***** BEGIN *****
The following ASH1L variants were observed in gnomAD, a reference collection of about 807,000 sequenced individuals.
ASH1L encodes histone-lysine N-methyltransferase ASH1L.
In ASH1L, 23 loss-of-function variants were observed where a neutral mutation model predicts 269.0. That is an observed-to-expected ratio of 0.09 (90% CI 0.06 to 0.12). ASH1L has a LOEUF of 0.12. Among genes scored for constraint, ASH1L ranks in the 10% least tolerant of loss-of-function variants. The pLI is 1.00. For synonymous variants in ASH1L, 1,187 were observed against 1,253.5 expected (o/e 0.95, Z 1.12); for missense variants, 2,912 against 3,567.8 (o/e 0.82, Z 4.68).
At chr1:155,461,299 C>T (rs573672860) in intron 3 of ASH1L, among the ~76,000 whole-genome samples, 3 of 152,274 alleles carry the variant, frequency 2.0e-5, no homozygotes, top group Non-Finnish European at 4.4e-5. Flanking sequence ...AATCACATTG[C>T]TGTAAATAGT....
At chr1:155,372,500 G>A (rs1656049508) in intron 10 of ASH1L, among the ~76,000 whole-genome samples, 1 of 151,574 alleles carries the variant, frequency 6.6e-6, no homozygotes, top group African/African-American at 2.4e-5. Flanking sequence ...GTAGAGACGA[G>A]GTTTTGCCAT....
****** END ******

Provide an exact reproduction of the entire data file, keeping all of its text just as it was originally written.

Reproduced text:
The following ASH1L variants were observed in gnomAD, a reference collection of about 807,000 sequenced individuals.
ASH1L encodes histone-lysine N-methyltransferase ASH1L.
In ASH1L, 23 loss-of-function variants were observed where a neutral mutation model predicts 269.0. That is an observed-to-expected ratio of 0.09 (90% CI 0.06 to 0.12). ASH1L has a LOEUF of 0.12. Among genes scored for constraint, ASH1L ranks in the 10% least tolerant of loss-of-function variants. The pLI is 1.00. For synonymous variants in ASH1L, 1,187 were observed against 1,253.5 expected (o/e 0.95, Z 1.12); for missense variants, 2,912 against 3,567.8 (o/e 0.82, Z 4.68).
At chr1:155,461,299 C>T (rs573672860) in intron 3 of ASH1L, among the ~76,000 whole-genome samples, 3 of 152,274 alleles carry the variant, frequency 2.0e-5, no homozygotes, top group Non-Finnish European at 4.4e-5. Flanking sequence ...AATCACATTG[C>T]TGTAAATAGT....
At chr1:155,372,500 G>A (rs1656049508) in intron 10 of ASH1L, among the ~76,000 whole-genome samples, 1 of 151,574 alleles carries the variant, frequency 6.6e-6, no homozygotes, top group African/African-American at 2.4e-5. Flanking sequence ...GTAGAGACGA[G>A]GTTTTGCCAT....